A ‘boys club culture’ exists in parts of Sussex’s ambulance service according to a consistent view within the organisation, a report has found.
Staff at South East Coast Ambulance Service (SECAmb) raised concerns about a ‘culture of bullying and harassment’ during and following an inspection by health regulator the Care Quality Commission in early 2016.
The NHS trust then commissioned an independent report to help tackle the issue from Duncan Lewis, a professor at Plymouth University, which was published today (Friday August 4)
After interviews, focus groups, and surveys Professor Lewis found that within SECAmb there is a ‘consistent view’ that in some parts of the trust’s operations a ‘boys club culture exists’.
His report explains how researchers heard from several sources about ‘overt and covert sexualised behaviour’, with some female staff raising incidents where sexual favours were sought for career progression, while others were ‘hounded by managers seeking sexual favours for personal reasons’.
Female staff also highlighted times when they were slapped on the bottom and demeaned by ‘highly sexualised gazing’ in front of colleagues and even patients.
Others talked about ‘sexual predators’ among male colleagues who ‘groomed students’.
The report concluded: “Whilst the researchers cannot confirm with certainty that such sexualised behaviours were commonplace, these are not isolated incidents and require proper investigation by SECAMB officers.
“In any workplace, such behaviours are wholly unacceptable and must be eradicated, being not only outside of principles of common decency, but also illegal and potentially putting individuals, SECAMB and the wider NHS at significant litigious risk.”
Responding to the report, SECAmb said the behaviours identified were ‘unacceptable’ and HR action was being taken against individuals where necessary.
Daren Mochrie, chief executive at SECAmb, said: “I would like to thank Professor Lewis for his expertise in writing this report, although I am truly disappointed and upset that so many of our staff have experienced bullying and disrespectful behaviour in the workplace.
“In the time since my appointment in April this year, it has been very clear to me that SECAmb is full of extremely dedicated and professional people who are concerned about caring for their patients as well as each other.
“However, I was also aware that the trust is facing a number of challenges and areas where vital improvements need to be made.
“One such area was high reported levels of bullying and harassment evidenced by our staff survey and from last year’s CQC inspection.
“We chose to commission this independent report to help us address this worrying issue. The behaviours it describes are completely unacceptable and will not be tolerated, in any sense and at any level, moving forward.”
Richard Foster, chairman at SECAmb, added: “I and the whole board take the findings of the report extremely seriously. It is now important that we work closely with staff to build a very different workplace, where all staff will be supported and where poor behaviours will not be tolerated.”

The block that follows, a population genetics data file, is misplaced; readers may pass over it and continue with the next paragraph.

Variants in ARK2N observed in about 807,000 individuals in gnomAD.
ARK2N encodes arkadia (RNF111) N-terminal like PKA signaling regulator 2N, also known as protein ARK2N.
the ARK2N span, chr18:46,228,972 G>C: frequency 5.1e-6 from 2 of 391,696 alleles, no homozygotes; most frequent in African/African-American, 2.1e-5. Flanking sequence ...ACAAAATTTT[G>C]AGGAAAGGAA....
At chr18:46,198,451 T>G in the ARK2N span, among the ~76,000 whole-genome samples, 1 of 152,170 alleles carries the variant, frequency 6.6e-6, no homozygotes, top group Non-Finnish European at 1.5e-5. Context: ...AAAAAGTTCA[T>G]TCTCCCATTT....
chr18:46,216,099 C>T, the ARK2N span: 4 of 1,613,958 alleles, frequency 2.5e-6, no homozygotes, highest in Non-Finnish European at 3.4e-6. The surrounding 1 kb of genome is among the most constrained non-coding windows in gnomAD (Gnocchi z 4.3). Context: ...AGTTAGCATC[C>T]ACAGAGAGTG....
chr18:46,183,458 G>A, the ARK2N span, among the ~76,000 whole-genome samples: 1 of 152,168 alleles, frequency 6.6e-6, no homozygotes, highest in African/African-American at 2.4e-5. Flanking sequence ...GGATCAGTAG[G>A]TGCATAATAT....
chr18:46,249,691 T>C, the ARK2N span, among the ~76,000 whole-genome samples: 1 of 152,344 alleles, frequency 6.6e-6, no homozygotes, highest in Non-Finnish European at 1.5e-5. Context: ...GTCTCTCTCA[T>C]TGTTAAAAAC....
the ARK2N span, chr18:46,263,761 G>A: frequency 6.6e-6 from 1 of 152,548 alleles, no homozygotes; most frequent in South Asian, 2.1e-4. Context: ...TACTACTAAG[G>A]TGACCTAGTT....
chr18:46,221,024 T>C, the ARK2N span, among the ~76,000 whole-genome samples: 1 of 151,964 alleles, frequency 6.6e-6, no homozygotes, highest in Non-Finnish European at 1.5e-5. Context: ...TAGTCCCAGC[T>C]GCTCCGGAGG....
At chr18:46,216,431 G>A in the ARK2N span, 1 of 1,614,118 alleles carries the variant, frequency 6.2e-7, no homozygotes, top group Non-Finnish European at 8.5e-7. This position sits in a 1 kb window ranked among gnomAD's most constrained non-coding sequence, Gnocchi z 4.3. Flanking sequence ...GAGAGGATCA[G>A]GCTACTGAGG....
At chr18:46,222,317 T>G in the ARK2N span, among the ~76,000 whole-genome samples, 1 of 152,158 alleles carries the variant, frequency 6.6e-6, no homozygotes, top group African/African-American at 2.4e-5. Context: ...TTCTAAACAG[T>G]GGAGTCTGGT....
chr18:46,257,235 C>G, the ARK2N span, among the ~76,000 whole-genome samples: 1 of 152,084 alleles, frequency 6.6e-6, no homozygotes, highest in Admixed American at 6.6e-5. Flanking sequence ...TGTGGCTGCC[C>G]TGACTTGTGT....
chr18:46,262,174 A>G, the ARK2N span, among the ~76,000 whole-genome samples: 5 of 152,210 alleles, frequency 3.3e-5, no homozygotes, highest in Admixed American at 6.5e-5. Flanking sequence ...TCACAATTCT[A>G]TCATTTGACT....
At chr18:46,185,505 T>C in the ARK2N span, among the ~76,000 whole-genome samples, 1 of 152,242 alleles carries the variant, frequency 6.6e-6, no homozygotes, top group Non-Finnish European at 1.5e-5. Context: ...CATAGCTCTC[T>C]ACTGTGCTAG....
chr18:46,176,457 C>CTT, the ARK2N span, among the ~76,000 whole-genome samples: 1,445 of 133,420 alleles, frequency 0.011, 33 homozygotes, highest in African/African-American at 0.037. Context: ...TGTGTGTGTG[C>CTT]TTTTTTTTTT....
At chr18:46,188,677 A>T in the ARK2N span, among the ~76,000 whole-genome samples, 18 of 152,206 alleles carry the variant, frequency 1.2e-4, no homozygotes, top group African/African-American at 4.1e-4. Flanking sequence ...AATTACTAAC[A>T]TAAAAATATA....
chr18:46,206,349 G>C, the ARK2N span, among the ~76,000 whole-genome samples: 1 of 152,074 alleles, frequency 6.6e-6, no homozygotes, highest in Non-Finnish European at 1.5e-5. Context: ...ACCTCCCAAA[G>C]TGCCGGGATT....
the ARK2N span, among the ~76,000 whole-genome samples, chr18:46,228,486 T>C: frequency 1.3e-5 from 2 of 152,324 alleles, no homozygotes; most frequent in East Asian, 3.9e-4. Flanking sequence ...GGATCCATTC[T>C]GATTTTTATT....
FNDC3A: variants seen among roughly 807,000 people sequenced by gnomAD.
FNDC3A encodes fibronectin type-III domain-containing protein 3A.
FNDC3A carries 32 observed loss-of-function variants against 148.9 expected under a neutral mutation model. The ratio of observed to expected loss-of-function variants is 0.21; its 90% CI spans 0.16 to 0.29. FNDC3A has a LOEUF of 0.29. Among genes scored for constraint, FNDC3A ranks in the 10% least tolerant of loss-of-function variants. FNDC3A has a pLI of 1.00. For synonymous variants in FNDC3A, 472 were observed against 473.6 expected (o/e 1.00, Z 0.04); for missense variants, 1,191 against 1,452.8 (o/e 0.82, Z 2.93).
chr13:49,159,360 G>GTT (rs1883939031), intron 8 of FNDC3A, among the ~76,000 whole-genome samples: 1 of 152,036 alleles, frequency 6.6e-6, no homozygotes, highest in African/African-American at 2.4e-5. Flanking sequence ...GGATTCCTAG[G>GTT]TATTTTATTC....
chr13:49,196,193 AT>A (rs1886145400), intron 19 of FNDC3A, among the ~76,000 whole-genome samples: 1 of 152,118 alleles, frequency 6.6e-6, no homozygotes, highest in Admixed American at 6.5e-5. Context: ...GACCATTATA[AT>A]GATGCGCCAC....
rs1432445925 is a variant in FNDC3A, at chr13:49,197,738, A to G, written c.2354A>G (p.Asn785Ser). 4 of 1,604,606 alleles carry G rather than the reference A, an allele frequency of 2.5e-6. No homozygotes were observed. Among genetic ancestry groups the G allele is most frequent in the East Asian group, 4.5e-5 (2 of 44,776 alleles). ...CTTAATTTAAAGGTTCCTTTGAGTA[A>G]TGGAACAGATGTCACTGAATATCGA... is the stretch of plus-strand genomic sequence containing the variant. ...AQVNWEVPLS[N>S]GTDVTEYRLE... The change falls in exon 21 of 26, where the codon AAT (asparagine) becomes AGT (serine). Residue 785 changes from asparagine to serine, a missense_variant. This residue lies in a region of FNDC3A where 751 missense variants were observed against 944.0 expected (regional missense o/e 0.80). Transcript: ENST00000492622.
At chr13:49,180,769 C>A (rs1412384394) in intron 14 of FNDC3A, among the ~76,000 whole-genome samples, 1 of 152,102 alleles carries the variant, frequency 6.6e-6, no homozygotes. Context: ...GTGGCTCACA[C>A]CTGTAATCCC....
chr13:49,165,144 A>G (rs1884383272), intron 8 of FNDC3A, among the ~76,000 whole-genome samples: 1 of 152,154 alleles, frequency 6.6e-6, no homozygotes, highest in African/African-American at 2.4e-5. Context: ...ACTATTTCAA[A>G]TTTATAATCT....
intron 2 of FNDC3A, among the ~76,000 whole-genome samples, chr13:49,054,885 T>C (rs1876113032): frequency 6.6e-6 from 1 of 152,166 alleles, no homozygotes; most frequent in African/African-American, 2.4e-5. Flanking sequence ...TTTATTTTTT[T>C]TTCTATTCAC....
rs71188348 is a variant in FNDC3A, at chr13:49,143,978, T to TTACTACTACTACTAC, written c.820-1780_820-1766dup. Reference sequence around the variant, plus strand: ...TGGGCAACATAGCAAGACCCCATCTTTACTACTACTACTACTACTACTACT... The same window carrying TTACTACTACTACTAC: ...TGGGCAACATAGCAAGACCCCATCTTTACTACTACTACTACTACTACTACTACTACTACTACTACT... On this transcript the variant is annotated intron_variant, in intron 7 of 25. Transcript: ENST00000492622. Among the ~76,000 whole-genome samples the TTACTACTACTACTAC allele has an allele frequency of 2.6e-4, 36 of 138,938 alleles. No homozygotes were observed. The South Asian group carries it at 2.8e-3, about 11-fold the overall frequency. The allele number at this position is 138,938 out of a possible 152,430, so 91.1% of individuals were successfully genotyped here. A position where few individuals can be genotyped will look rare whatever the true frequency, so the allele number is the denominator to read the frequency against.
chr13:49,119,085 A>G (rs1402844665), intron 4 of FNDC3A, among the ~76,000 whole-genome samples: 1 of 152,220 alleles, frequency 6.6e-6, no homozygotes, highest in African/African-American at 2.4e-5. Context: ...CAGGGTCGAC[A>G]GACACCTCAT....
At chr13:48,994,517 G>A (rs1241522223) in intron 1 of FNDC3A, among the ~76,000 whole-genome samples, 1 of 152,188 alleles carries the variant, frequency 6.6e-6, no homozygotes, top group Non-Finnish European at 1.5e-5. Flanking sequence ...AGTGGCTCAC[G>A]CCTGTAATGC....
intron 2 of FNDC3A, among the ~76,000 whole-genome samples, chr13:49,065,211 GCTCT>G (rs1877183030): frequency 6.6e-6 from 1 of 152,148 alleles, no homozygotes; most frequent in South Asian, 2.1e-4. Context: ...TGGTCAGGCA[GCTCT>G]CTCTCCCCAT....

Around 2,000 staff participated in the research with more than 40 per cent of respondents reporting some experience of bullying in the last 12 months.
The report found that bullying and harassment was a ‘genuine and serious problem to be addressed urgently’, with common behaviours including high workloads, SECAmb procedures not being followed, employees being excessively monitored, and having their opinions and views ignored.
Around half of staff reported ‘being treated in a disrespectful or rude way’ and more than one third have experienced ‘intimidating behaviour from people at work’ and ‘feeling threatened in any way while at work’.
Roughly a third of employees reported regular exposure to gossip/rumours, being insulted, being excluded by others in their group, while a quarter of people have been teased/mocked or encountered jokes which go too far or have been subjected to persistent criticism.
Employees raised incidents of being shouted at publicly, bellowed at, or belittled in front of others.
Some staff referred to the leadership as ‘militaristic’ in style, which the report said can be appropriate in emergency incidents ‘but is not conducive to an effective leadership style for SECAmb’.
Meanwhile most employees believe the trust has a ‘complaining and reporting’ culture where instead of colleagues speaking to each other when conflicts have arisen, there was a tradition of formally complaining and reporting actions through grievances.
The report said: “We heard numerous counts where grievances, suspensions and disciplinary actions resulted in lengthy and upsetting investigations, often taking lengthy periods to resolve.
“This culture of grievance/counter grievance is evidence of the toxicity that exists in some parts of SECAMB.”
SECAmb’s leadership said they would be invited staff to join a number of focus groups in the next few weeks as they looked to identify solutions and come up with a comprehensive action plan.